Previewing Thursdays action in the ACC, Atlantic 10, Big Ten, Big 12, Big East, Pac-12 and SEC tournaments.
Now that many of the small schools have gone past the Horizon, scaled the Summit and made it through the (Ohio and Missouri) Valley of death, it’s time for college basketball’s big boys to take over. On Wednesday, the nation’s top seven conferences begin (or continue) their league tournaments, among them the ACC, Atlantic 10, Big Ten, Big 12, Big East, Pac-12 and SEC. That doesn’t necessarily mean, of course, that the best teams in those conferences will be on the court. What follows is a snapshot look at what to expect from each of those conference tournaments today:
No. 8 Clemson vs. No. 9 Florida State, noon, ESPN
No. 5 North Carolina vs. No. 12 Boston College, 2 p.m., ESPN
No. 7 N.C. State vs. No. 10 Pittsburgh, 7 p.m., ESPN2
No. 6 Miami vs. No. 14 Virginia Tech, 9 p.m., ESPN2
Higher seeds North Carolina—at No. 19, the only Top 25 team in action on Wednesday—and Miami should have little trouble advancing, and the 8-9 game between Clemson and Florida State features a pair of teams with no hope of making the NCAA tournament as an at-large. The Panthers, however, enter their second ACC tournament as the No. 10 seed but still with an outside chance at reaching the NCAAs.
To get there, they’ll need at least two and maybe even three marquee wins, the first of which would have to come against an N.C. State team that drubbed them by 18 points back on Jan. 3. Pitt ended the regular season losing its last three games, none of which were against a team that currently figures to reach the NCAA tournament. Its path through Greensboro, however, offers nothing but stern tests against teams that will be going dancing: Even with a win over a Wolfpack team that has won five of six, the Panthers would still need to beat Duke in the quarterfinals and maybe even Notre Dame in the semis just to be in the bubble discussion.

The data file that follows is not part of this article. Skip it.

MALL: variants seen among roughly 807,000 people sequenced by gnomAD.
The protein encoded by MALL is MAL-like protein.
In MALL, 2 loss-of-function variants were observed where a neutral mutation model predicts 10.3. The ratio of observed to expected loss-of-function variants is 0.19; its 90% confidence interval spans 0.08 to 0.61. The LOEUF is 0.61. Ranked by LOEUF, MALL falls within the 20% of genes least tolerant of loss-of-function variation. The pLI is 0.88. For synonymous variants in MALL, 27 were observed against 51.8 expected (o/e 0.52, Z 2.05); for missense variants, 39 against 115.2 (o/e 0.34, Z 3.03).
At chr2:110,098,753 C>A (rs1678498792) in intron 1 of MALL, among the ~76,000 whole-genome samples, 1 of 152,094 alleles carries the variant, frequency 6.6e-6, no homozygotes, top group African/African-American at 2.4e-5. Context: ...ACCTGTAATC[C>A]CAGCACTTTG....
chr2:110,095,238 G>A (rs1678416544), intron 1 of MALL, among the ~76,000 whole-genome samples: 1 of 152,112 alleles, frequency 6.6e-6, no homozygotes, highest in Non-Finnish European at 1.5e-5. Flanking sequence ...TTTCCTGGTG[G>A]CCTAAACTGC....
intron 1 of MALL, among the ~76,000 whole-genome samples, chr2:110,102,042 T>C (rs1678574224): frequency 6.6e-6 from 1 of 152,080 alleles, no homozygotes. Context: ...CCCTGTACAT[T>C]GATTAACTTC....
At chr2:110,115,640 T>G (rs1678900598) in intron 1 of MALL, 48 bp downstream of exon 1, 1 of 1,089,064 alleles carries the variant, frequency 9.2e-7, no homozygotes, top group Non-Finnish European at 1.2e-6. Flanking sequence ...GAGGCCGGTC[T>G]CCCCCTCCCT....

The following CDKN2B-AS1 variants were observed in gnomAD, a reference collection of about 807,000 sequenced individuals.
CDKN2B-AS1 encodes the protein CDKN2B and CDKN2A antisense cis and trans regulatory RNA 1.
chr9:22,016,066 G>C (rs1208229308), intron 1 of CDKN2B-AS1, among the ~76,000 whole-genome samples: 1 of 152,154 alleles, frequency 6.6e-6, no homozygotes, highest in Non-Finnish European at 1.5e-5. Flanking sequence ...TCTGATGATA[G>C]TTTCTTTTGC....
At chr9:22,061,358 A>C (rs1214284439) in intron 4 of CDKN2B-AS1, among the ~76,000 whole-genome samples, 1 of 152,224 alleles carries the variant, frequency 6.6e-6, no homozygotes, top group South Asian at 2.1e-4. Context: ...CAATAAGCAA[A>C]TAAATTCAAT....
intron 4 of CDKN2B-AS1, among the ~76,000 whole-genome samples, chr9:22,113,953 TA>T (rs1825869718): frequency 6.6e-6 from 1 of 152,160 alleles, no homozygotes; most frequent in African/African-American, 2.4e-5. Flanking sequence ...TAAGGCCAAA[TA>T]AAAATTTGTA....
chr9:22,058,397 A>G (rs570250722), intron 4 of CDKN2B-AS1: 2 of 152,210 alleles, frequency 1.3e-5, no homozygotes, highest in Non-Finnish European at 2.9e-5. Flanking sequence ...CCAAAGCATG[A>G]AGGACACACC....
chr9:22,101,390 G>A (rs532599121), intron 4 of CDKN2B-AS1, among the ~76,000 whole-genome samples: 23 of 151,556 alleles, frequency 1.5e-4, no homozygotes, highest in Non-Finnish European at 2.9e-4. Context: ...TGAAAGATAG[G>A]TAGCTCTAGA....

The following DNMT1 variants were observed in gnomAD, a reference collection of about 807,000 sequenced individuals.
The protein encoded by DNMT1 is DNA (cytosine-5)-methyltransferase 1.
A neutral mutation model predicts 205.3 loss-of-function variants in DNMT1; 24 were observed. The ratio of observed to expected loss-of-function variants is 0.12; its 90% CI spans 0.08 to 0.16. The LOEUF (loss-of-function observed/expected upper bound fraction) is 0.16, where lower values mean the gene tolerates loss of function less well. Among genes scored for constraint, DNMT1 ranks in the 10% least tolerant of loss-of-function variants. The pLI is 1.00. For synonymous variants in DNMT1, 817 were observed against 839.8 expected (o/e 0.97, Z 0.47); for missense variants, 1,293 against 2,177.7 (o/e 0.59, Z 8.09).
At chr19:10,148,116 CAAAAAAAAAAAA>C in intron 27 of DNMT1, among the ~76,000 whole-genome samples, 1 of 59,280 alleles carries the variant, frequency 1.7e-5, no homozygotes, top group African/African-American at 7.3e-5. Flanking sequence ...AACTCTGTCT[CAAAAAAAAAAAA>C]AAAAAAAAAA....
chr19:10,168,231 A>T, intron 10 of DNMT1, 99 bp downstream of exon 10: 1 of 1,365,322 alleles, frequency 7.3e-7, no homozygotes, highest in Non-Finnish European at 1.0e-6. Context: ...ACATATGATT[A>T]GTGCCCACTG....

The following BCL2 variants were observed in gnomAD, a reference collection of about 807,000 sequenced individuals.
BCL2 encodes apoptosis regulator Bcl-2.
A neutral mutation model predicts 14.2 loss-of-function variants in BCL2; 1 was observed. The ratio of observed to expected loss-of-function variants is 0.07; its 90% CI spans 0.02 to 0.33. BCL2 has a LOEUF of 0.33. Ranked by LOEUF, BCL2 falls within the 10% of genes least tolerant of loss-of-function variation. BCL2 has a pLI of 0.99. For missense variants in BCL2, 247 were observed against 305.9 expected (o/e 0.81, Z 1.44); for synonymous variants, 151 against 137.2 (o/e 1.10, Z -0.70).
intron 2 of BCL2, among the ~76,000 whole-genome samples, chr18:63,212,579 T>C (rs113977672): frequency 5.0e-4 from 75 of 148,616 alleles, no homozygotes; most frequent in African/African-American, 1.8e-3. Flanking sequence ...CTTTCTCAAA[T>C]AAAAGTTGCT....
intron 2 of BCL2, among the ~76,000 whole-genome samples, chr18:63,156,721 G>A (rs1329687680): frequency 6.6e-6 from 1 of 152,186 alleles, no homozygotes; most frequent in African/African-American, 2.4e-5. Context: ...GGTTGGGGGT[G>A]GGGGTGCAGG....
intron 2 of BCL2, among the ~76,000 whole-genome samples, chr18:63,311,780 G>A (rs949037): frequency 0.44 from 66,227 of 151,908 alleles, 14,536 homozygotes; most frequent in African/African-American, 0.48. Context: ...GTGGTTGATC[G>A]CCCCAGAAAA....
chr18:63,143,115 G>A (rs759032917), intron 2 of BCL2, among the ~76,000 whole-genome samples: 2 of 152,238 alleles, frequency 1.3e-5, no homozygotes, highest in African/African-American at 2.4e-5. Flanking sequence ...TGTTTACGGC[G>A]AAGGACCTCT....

These two early round games involve teams that are a combined 40-79. All four of these teams will be finishing their season quickly. The only question is which two will survive to be slaughtered later in the week.
There’s an outside chance that Minnesota could do enough in Chicago to earn a return trip to the NIT, where the Gophers would attempt to become the first team since South Carolina in 2005 and ’06 to win that title in consecutive years.
Other than that, Wednesday might be the last chance to see what has been one of the nation’s most disappointing teams, the Nebraska Cornhuskers. After making the school’s first NCAA tournament since 1998 last season and opening this season in the top 25, Nebraska had designs on finally winning its first-ever NCAA tournament game. But a loss to Incarnate Word in November was an early sign that this group was not as good as advertised, and after a 12th-place finish in the 14-team Big Ten, its season is one loss away from ending. Junior Terran Petteway was not as good as he was a year ago, but his 17.8 points per game suggested he deserved better than this early end to their once-promising season.